Tom Fazio is all over this golf course. It’s a huge stadium. It boasts immaculately groomed fairways and greens. The tee to green is beautiful bentgrass. Off the fairway, there are massive puzzle-piece bunkers with blinding white sand that pinch into the landing zone. Huge puzzle-piece bunkers surround the large, undulating, sweeping greens. In addition, the golf course appears to be almost utterly out of place with the surrounding scenery. You’d have no notion you were playing in the desert if fences were built around each hole.
The golf course’s allure is the breathtaking views. 13 of the 18 holes face east or west, providing spectacular views. As they play uphill to the west, players are given to incredible vistas of the Alps. Likewise, the Las Vegas strip is visible from holes that play downhill to the east. All of this is done on a high-quality surface. The golf course measures roughly 7,450 yards from the tips.
On the other hand, players will have their job cut out for them because the advertised yardage will not be the actual yardage. To begin with, the golf course is elevated, allowing the ball to fly further off the tee. However, players will have to account for uphill and downhill shots as well.
As you would expect from playing in Las Vegas, the weather will be dry and shouldn’t play a factor this week.
Despite the absence of world No. 1 Jon Rahm, the line-up in Las Vegas has 36 of the world’s top-50 players, including 17 of the big names from the previous Ryder Cup matches at Whistling Straits. Dustin Johnson, Collin Morikawa, Justin Thomas, Brooks Koepka, Xander Schauffele, Jordan Spieth, Sergio Garcia, Viktor Hovland, Shane Lowry, and Rory McIlroy are just a few of the stars. In addition, this week will also include the three winners of the 2022 wraparound season – Max Homa (Fortinet), Sam Burns (Sanderson), and Sungjae Im (Shriners).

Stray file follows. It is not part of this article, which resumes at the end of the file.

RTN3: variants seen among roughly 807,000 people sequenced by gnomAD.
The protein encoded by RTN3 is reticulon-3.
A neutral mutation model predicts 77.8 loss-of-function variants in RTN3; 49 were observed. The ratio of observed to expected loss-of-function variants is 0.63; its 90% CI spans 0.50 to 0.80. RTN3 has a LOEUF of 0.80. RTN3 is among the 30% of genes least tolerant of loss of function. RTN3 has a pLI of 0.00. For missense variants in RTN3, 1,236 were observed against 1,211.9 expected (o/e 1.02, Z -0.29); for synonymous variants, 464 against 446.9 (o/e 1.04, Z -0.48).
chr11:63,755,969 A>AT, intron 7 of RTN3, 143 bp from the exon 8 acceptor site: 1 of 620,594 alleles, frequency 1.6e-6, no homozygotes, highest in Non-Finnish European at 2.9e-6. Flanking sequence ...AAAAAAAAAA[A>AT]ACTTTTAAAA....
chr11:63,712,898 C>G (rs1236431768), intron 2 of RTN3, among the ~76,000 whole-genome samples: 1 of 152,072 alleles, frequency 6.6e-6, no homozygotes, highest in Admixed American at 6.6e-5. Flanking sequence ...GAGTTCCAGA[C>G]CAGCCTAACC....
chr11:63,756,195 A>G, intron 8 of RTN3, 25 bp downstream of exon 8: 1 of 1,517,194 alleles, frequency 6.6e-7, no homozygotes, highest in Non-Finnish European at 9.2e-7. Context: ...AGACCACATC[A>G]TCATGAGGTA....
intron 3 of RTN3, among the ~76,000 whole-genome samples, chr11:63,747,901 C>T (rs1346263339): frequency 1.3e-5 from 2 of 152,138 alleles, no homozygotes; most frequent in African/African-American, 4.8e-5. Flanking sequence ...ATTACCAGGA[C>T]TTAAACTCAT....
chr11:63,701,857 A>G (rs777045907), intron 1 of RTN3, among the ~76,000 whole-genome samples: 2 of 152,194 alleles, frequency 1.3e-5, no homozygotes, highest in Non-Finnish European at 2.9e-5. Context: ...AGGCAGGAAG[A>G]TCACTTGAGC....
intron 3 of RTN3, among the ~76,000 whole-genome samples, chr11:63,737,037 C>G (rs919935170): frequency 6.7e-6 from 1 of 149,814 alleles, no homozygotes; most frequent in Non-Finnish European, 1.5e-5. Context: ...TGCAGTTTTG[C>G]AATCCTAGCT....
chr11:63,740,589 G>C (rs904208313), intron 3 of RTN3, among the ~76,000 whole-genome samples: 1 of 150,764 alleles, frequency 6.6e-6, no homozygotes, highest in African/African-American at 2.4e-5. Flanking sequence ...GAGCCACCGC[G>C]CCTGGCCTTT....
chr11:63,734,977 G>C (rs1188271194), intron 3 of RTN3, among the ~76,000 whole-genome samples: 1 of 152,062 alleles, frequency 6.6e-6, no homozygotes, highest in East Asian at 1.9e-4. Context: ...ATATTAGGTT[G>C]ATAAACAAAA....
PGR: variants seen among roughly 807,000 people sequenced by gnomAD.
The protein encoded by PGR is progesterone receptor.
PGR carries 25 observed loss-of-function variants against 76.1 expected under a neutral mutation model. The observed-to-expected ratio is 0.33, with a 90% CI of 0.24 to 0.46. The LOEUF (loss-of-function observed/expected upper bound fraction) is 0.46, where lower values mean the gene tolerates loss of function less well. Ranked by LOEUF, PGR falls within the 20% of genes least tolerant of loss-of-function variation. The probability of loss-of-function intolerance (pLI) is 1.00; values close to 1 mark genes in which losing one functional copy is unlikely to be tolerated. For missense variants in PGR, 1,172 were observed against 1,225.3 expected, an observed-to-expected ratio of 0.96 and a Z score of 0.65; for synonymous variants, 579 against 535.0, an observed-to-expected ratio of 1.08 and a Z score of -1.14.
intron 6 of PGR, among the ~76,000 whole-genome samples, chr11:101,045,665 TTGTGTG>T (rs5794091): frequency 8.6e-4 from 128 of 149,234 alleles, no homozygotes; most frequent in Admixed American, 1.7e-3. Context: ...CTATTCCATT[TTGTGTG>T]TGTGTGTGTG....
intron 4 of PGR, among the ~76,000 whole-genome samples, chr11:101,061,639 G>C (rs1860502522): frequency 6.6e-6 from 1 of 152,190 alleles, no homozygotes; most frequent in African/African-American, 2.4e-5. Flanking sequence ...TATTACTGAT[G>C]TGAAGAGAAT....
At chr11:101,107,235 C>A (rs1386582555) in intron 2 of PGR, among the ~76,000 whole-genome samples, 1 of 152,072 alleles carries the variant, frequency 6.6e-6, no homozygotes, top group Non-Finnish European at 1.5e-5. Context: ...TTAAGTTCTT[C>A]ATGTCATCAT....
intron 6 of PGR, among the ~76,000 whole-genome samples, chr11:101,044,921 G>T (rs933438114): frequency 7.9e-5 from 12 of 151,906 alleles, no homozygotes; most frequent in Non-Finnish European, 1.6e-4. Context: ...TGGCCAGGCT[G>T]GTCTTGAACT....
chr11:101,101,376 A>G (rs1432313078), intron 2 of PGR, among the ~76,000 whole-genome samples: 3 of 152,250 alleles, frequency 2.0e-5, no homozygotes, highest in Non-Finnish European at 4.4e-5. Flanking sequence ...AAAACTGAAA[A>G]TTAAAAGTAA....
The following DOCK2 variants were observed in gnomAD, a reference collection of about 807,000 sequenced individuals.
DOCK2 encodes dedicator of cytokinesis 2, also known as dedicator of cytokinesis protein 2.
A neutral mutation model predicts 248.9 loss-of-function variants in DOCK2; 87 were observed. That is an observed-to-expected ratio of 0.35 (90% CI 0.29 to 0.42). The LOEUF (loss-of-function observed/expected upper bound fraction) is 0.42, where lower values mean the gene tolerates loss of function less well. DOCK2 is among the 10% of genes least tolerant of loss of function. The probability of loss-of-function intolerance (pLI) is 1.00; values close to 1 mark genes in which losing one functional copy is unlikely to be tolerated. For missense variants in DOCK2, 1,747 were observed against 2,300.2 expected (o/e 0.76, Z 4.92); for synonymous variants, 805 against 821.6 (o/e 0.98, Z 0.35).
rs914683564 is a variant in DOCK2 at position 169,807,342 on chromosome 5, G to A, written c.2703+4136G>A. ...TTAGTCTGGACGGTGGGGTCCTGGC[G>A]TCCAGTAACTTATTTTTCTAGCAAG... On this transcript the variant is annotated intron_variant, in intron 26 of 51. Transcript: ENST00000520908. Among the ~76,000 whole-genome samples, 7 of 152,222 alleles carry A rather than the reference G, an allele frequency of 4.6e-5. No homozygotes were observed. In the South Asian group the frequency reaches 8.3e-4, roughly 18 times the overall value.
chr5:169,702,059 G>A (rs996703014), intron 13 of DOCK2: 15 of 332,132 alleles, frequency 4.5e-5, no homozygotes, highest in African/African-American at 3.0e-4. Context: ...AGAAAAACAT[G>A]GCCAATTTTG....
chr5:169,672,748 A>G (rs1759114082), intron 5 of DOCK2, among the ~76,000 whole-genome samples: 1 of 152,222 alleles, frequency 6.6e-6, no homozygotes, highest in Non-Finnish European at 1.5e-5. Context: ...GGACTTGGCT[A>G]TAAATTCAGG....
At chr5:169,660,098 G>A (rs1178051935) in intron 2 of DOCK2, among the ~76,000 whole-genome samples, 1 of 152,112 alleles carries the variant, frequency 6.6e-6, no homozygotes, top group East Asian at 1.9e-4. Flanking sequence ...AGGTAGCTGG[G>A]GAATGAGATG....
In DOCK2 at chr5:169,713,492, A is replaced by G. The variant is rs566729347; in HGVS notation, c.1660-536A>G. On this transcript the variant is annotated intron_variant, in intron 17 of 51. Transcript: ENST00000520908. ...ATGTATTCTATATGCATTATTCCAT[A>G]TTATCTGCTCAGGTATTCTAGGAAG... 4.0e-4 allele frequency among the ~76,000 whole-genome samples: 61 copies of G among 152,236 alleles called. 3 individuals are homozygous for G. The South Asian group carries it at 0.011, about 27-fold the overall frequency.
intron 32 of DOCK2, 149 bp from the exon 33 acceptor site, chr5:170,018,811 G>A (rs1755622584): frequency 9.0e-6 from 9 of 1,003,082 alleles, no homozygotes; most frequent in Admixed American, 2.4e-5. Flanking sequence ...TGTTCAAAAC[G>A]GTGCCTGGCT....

Hideki Matsuyama, Tony Finau, Tyrrell Hatton, Scottie Scheffler, Harris English, Abraham Ancer, Louis Oosthuizen, Patrick Reed, Cameron Smith, and Webb Simpson are among the other top-ranked players in the tournament. Jason Day, Justin Rose, Kevin Kisner, and Gary Woodland are among the other notable names.
We run each player in the field through our BeerLife profile analysis to come up with our selections. This is what we are looking for this week:
Showing Trust – There appears to be a straightforward course correlation here as all four winners came here having had a good week at the Northern Trust (6/8/12/13).
The Northern Trust 2021
- Tony Finau
- Cameron Smith
- Jon Rahm
- Alex Noren
- Tom Hoge
- Justin Thomas
A Flying Finale – After analyzing the previous four winners rounds, it’s clear you need to finish with a flurry to get over the line here.
Round 4 Scoring Average (2021)
- Tyrrell Hatton
- Webb Simpson
- Daniel Berger
- Hank Lebioda